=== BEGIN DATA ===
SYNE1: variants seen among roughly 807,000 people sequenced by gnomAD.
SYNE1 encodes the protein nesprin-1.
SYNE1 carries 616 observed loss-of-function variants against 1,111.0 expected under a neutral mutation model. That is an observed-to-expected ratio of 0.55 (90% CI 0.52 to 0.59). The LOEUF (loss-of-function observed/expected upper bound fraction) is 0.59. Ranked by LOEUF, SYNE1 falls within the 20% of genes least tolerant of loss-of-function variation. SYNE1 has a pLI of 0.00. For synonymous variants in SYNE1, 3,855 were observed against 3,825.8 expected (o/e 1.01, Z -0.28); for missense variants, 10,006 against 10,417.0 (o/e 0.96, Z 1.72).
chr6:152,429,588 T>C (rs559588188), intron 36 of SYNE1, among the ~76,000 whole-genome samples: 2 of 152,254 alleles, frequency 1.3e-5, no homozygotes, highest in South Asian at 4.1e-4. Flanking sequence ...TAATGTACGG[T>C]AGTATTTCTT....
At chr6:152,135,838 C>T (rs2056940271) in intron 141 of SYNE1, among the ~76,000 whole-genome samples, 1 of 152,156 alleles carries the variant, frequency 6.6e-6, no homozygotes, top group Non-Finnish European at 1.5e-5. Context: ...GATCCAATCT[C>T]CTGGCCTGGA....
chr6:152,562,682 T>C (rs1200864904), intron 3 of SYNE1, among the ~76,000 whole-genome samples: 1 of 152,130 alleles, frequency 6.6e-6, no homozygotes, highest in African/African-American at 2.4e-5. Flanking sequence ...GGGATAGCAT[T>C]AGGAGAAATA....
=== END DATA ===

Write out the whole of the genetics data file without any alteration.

SYNE1: variants seen among roughly 807,000 people sequenced by gnomAD.
SYNE1 encodes the protein nesprin-1.
SYNE1 carries 616 observed loss-of-function variants against 1,111.0 expected under a neutral mutation model. That is an observed-to-expected ratio of 0.55 (90% CI 0.52 to 0.59). The LOEUF (loss-of-function observed/expected upper bound fraction) is 0.59. Ranked by LOEUF, SYNE1 falls within the 20% of genes least tolerant of loss-of-function variation. SYNE1 has a pLI of 0.00. For synonymous variants in SYNE1, 3,855 were observed against 3,825.8 expected (o/e 1.01, Z -0.28); for missense variants, 10,006 against 10,417.0 (o/e 0.96, Z 1.72).
chr6:152,429,588 T>C (rs559588188), intron 36 of SYNE1, among the ~76,000 whole-genome samples: 2 of 152,254 alleles, frequency 1.3e-5, no homozygotes, highest in South Asian at 4.1e-4. Flanking sequence ...TAATGTACGG[T>C]AGTATTTCTT....
At chr6:152,135,838 C>T (rs2056940271) in intron 141 of SYNE1, among the ~76,000 whole-genome samples, 1 of 152,156 alleles carries the variant, frequency 6.6e-6, no homozygotes, top group Non-Finnish European at 1.5e-5. Context: ...GATCCAATCT[C>T]CTGGCCTGGA....
chr6:152,562,682 T>C (rs1200864904), intron 3 of SYNE1, among the ~76,000 whole-genome samples: 1 of 152,130 alleles, frequency 6.6e-6, no homozygotes, highest in African/African-American at 2.4e-5. Flanking sequence ...GGGATAGCAT[T>C]AGGAGAAATA....